Creating a Polygonal artwork workflow in Adobe Photoshop and Illustrator

A style that I have recently recognised to be trending around the web is the Polygonal illustrative style.

30th June 2014

A style that I have recently noticed as trending around the web is the ‘Polygonal Illustrative Style’.

‘So what exactly is this Polygonal thing then?’ I can hear you all shout!

Well, a simple description is it’s a graphic image composed of multiple flat seamlessly connected triangle shapes. Depending on the shape and size of these triangles, you can create anything from abstract imagery to more refined and detailed artwork.

My first encounter with this particular effect was some years ago when I was experimenting with a plugin from Scriptographer that works with the design software Adobe Illustrator. This plugin allows you to create interesting effects at the click of a button utilising the JavaScript language. One of the many effects on offer allows you to create a polygonal style image (at that click of a button I mentioned). I played around with this for a few hours and have to confess I was quite fascinated with the results.

Since my original experimentation with this effect over the past few years, I now see this style popping up around the web so much that it seems to be becoming somewhat of a trend. There’s even an iPad app called Poly which allows you to easily create a similar effect with images on your iPad.

So, after receiving a load of messages from my subscribers requesting a tutorial on this, I thought I‘d return back to this style and look at setting out a simple and comprehensive workflow to share. My initial idea was to compose a workflow based on the Scriptogropher plug in I used some time ago, after all, creating the effect is pretty much effortless and achieved at that click of a button I mentioned.

Now, as it turns out, the guys over at Scriptographer have yet to release an update for Adobe Illustrator any later than CS5. So if you’re still working on CS5 you could still use this plugin. Now, with Illustrator having moved on since, I felt I had to create a workflow that could be used across any version and without any limits.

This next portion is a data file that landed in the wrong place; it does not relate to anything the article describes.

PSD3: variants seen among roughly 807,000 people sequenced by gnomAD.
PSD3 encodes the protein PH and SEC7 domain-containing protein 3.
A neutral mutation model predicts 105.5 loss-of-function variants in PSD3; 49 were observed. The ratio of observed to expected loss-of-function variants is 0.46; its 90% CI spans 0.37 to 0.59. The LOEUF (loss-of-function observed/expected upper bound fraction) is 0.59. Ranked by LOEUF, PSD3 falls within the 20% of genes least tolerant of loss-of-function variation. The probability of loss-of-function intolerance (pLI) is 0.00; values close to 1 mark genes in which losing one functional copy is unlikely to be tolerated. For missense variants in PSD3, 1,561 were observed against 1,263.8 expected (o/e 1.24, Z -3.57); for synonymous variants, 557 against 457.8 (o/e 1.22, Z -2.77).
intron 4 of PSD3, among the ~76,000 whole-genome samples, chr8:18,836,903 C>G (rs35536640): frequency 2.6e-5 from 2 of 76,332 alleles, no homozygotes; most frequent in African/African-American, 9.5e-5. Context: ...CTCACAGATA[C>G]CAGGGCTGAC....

With some research, I was surprised to find that there was no video tutorial on this, so the task of creating a workflow from scratch began. And with a little more research, and, to be honest, much deliberation, I decided to create a workflow that would produce not only the polygonal style, but with a gradient effect. I’d seen some examples with the gradient effect and thought the results were really quite striking.


The good news is that the final workflow uses no filters or plugins. It’s a manual process where a creator can start from scratch to build their own artwork. However, to follow this workflow requires some commitment, as it does take a little time to master, but the end results are remarkable.

The process uses both of the design world’s workhorsesto create the artwork - Adobe Photoshop and Illustrator. Illustrator is used to trace a source image to compose the polygon shapes using the pen tool. Illustrator currently has vastly superior pen tool functionality than Photoshop and allows for swift editing and aligning of points. This in turn allows for an accurate trace of the source image and composition of the polygon shapes.

Once the polygon vector shapes have been created, these can then be brought into Photoshop on top of the source image as paths. Photoshop is used at this stage as it has a speedier workflow when using the gradient tool than in Illustrator (which can be pretty laborious to say the least).

In Photoshop, each polygon shape path can be selected and swiftly filled with a gradient effect using the eyedropper tool to select two colours from the source image and then applying the gradient with the gradient tool.

By repeating this process over and over, one can build up a beautiful polygonal gradient effect image.

As for the finished video tutorial, this is 42 minute and 12 seconds long and takes you through each step in detail.

The video can be watches here:
Link to polygonal style video tutorial

Gareth David
Designer at coolsquare